Explained: What Happens When the Owner of an LLC Dies

What Happens When the Owner of an LLC Dies?

Written by:

Carolyn Young has over 25 years of experience in business in various roles, including bank management, marketing management, and business education.

Reviewed by: Sarah Ruddle

For over 15 years, Sarah Ruddle has been a noteworthy leader in the business and nonprofit world.

What Happens When the Owner of an LLC Dies?

What Happens When the Owner of an LLC Dies?

A limited liability company (LLC) is a business entity legally distinct from its owners, known as members. If an LLC only has one member, for instance, the LLC lives on after that owner dies. 

Even so, what happens to an LLC when members die is among the key points to include in the LLC operating agreement. Read on to learn about what to do when an LLC owner dies.

The Operating Agreement

Most states do not require an operating agreement, but it’s a very important document. It defines members’ ownership percentages and profit allocations. Those are the key elements of the operating agreement, but it should also include the following:

  • Each member’s rights and responsibilities   
  • Management structure and roles 
  • Voting rights of each member
  • Rules for meetings and voting
  • What happens when a member sells their interest, becomes disabled, or dies

You can find operating agreement templates online, but it’s best to have them drawn up or reviewed by an attorney. The language of an operating agreement is crucial and can often help determine how member disputes will be resolved and what happens if a member dies. 

If the LLC Has One Member 

Again, the operating agreement should specify what happens when the lone owner of an LLC dies. Usually, ownership in such cases is transferred to a specific person or entity.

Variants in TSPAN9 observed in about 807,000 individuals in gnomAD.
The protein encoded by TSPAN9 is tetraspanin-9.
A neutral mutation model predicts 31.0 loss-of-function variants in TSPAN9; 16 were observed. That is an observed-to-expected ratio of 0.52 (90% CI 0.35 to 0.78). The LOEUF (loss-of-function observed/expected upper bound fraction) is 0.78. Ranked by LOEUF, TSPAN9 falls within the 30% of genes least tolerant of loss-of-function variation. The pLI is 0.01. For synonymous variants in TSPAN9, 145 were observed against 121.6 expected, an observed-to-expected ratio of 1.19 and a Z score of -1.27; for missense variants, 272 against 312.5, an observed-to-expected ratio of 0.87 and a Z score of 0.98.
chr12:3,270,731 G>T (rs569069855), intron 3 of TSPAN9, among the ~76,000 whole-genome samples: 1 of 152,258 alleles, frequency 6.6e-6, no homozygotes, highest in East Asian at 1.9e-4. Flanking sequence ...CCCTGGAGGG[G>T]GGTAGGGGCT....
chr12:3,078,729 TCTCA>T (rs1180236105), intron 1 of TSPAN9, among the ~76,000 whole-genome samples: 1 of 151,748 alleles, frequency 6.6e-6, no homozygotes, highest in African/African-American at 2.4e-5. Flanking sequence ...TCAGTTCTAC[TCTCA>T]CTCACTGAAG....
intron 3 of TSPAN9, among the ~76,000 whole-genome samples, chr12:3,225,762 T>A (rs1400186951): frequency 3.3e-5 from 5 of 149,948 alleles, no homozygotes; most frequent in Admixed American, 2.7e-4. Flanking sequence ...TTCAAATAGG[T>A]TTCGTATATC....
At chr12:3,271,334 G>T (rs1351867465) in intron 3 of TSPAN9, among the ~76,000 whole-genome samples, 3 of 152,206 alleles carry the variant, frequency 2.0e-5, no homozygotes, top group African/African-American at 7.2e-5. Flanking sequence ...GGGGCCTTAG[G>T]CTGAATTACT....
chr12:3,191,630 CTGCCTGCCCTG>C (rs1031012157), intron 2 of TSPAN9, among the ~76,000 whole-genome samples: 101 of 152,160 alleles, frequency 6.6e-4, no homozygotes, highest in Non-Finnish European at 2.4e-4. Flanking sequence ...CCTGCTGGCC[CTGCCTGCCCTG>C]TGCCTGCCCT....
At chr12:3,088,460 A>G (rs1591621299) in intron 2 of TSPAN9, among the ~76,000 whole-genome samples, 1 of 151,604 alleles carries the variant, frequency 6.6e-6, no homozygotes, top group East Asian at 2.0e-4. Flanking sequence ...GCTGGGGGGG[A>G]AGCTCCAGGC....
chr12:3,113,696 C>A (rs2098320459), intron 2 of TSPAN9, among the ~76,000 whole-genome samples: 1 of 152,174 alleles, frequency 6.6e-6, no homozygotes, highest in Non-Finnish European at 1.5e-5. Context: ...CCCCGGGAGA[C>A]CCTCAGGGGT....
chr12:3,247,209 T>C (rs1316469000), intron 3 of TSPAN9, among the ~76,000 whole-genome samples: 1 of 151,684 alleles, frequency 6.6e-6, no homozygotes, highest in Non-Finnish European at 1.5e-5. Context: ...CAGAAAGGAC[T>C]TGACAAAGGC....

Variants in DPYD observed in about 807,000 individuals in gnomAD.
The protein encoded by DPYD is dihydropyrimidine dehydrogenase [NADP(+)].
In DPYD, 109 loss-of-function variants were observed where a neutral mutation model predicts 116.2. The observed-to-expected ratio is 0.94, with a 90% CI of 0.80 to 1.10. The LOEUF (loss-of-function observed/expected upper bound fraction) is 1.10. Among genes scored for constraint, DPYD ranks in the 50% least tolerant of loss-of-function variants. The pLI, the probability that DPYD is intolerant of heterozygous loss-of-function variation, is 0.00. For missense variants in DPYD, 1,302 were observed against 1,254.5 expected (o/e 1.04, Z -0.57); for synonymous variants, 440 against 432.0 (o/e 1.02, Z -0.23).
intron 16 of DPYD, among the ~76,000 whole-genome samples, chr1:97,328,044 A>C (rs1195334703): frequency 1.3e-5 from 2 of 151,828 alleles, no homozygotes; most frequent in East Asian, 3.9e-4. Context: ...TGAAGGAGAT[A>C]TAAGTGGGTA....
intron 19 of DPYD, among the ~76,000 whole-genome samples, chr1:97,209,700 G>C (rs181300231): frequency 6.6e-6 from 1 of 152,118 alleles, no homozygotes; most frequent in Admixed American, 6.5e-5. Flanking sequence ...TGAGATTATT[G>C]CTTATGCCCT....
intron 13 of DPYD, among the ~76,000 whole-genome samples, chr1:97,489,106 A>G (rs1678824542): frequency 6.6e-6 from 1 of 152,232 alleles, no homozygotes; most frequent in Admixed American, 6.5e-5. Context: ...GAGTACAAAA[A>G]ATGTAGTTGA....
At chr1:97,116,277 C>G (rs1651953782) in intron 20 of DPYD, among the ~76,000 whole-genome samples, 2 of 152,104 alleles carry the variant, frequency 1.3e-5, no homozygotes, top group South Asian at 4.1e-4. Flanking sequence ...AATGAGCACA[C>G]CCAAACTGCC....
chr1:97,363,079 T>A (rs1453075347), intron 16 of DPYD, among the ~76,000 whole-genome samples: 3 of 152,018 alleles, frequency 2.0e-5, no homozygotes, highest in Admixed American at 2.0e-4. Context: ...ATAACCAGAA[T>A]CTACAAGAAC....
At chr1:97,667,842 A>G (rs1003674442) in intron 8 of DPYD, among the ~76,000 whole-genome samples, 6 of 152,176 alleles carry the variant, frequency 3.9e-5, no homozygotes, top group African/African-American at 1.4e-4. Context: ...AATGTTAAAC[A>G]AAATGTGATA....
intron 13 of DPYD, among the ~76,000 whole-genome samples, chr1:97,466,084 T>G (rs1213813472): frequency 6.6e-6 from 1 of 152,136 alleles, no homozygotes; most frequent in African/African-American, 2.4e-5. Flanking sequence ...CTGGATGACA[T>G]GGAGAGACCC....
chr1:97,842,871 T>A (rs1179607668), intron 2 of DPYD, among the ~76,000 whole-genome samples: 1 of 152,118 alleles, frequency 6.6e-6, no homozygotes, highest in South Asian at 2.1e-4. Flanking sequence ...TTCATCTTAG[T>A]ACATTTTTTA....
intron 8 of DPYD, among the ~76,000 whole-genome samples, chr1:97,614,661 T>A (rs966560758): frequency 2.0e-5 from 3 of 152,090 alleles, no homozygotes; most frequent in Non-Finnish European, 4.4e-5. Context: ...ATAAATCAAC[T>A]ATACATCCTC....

If no operating agreement exists or does not specify what happens, the LLC becomes part of the deceased member’s estate. Settling the estate becomes complicated if the dead has more than one heir. Ownership must then be divided, or the LLC must be sold.

If ownership is divided between heirs, the management of the LLC must be determined.

State laws may come into play if the sole member dies and the operating agreement fails to outline the next steps. This is why an operating agreement is critical, even for a single-member LLC. 

If the LLC Has More Than One Member

If the LLC has more than one member, again, the operating agreement should specify what happens in the event of a member’s death. If no operating agreement exists, it can get complicated. 

If there is an operating agreement, provisions for a member’s death may be:

  • Surviving members must buy the deceased’s shares at fair market value
  • Heirs inherit financial interests of the shares, but not management interests
  • LLC must be dissolved, and the deceased’s ownership share distributed to heirs
  • The dead’s financial and management interests are transferred to a specific person or organization

If there is an operating agreement, or it needs to outline the relevant process, state laws will come into play. For example, in some states, the LLC will have to be dissolved, and the deceased member’s assets will be divided among the heirs.

In other states, laws prohibit the transfer of interests to heirs without the approval of all surviving members. If the deceased left his LLC ownership interest to beneficiaries, only the financial interests could be inherited, not the management interests.

In Closing

Death is an unfortunate and unavoidable element of doing business. For an LLC, the best way to cope with them and continue operations is to ensure the drafting of a complete and comprehensive operating agreement that details all the following steps—complicated when a member of the LLC dies. 

Be sure to draft yours with the assistance of an attorney to protect the interests of your heirs and fellow LLC members – and the future of your business.